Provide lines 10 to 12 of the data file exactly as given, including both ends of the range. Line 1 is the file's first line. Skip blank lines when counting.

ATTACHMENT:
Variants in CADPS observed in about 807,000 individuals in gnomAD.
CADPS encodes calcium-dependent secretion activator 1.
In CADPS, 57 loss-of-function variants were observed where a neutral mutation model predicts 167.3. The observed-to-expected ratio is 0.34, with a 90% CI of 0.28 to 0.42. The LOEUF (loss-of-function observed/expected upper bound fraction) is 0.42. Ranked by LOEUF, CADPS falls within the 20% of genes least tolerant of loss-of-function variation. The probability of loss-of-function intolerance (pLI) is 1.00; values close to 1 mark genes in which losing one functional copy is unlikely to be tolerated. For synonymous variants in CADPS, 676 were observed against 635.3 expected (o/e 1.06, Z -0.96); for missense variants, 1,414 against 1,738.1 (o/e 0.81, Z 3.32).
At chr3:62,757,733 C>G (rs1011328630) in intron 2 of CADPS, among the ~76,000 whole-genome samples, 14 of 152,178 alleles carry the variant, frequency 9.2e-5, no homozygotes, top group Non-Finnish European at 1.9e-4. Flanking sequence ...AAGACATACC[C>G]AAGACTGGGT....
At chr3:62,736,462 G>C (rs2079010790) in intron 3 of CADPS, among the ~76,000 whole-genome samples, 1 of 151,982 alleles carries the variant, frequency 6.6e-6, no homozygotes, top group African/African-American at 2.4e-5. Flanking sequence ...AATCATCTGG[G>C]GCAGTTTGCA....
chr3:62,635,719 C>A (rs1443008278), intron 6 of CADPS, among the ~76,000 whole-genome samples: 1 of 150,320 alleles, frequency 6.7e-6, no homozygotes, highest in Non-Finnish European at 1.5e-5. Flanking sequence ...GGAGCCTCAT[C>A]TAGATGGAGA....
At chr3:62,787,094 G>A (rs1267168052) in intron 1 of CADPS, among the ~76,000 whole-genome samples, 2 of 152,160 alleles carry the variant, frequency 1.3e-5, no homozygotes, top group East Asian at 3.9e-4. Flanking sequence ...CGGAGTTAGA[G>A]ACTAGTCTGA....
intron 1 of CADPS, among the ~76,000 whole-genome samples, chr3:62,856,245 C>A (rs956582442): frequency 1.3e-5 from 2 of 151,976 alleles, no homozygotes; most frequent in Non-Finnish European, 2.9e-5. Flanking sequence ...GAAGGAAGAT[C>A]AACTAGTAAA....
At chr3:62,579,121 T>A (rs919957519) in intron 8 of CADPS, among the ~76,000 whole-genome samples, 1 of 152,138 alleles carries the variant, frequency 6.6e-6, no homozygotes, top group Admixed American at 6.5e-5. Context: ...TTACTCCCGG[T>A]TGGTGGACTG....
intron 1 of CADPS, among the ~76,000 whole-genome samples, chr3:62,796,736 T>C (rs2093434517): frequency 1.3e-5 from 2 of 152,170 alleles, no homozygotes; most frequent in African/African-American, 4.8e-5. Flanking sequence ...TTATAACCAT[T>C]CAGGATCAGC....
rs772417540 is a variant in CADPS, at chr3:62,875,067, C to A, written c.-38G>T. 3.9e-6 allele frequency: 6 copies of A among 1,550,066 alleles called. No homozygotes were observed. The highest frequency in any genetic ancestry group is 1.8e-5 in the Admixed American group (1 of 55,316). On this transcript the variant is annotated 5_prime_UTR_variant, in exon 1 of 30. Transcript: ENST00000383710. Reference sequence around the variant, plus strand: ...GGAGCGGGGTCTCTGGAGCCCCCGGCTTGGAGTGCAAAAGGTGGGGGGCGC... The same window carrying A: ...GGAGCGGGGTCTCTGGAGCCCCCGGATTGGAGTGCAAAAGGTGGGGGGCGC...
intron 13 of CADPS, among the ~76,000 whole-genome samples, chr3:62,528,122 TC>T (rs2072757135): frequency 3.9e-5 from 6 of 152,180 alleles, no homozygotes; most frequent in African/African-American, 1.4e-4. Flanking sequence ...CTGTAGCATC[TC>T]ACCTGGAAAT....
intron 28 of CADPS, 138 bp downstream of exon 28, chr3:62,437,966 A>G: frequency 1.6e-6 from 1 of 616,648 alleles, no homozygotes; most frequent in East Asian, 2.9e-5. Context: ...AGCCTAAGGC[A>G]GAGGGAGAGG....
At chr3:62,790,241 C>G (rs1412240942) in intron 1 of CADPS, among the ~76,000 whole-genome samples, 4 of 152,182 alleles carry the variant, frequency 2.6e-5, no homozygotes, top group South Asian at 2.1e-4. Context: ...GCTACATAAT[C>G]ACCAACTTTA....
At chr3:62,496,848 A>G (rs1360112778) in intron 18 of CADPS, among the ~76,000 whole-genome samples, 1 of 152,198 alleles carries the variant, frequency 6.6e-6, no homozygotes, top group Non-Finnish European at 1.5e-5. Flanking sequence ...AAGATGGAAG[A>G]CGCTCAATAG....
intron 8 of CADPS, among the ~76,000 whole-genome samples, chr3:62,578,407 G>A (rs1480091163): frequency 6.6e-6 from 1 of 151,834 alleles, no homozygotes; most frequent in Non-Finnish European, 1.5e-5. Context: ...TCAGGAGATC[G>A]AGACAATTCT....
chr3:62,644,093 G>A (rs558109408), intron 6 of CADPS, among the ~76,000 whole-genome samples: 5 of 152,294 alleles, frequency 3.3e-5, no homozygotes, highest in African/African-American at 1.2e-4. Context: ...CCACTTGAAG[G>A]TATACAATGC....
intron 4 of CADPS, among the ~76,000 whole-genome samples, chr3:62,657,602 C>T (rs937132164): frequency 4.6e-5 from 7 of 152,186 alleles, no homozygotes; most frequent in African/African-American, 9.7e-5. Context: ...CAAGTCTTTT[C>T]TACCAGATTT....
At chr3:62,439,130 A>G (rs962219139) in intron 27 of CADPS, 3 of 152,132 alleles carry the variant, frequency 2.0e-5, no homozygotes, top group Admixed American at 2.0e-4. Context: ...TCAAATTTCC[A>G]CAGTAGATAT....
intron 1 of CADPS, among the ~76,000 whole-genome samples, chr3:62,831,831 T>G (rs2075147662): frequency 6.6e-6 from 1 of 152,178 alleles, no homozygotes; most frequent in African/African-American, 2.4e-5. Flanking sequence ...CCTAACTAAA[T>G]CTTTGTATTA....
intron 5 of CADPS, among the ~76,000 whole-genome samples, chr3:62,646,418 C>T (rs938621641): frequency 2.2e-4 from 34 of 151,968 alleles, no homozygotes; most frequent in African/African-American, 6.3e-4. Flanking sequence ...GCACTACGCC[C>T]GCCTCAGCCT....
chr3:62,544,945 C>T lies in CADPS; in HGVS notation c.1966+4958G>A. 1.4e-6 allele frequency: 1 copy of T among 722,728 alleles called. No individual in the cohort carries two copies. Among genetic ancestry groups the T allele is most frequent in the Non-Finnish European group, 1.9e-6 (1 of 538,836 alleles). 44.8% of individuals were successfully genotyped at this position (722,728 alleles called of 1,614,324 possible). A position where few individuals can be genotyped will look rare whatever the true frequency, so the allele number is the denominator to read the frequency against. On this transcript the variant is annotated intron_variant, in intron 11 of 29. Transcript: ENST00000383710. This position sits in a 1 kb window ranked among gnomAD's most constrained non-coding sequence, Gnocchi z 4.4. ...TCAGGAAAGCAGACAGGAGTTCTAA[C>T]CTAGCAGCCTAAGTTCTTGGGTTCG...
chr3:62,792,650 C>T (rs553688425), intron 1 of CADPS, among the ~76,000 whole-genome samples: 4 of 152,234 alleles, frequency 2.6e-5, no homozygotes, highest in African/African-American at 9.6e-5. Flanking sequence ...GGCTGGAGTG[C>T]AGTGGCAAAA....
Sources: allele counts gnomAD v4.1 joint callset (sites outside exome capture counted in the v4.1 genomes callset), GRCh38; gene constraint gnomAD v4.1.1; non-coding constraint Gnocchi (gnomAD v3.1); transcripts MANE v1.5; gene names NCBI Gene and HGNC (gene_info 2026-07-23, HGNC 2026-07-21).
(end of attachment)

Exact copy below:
intron 1 of CADPS, among the ~76,000 whole-genome samples, chr3:62,796,736 T>C (rs2093434517): frequency 1.3e-5 from 2 of 152,170 alleles, no homozygotes; most frequent in African/African-American, 4.8e-5. Flanking sequence ...TTATAACCAT[T>C]CAGGATCAGC....
rs772417540 is a variant in CADPS, at chr3:62,875,067, C to A, written c.-38G>T. 3.9e-6 allele frequency: 6 copies of A among 1,550,066 alleles called. No homozygotes were observed. The highest frequency in any genetic ancestry group is 1.8e-5 in the Admixed American group (1 of 55,316). On this transcript the variant is annotated 5_prime_UTR_variant, in exon 1 of 30. Transcript: ENST00000383710. Reference sequence around the variant, plus strand: ...GGAGCGGGGTCTCTGGAGCCCCCGGCTTGGAGTGCAAAAGGTGGGGGGCGC... The same window carrying A: ...GGAGCGGGGTCTCTGGAGCCCCCGGATTGGAGTGCAAAAGGTGGGGGGCGC...
intron 13 of CADPS, among the ~76,000 whole-genome samples, chr3:62,528,122 TC>T (rs2072757135): frequency 3.9e-5 from 6 of 152,180 alleles, no homozygotes; most frequent in African/African-American, 1.4e-4. Flanking sequence ...CTGTAGCATC[TC>T]ACCTGGAAAT....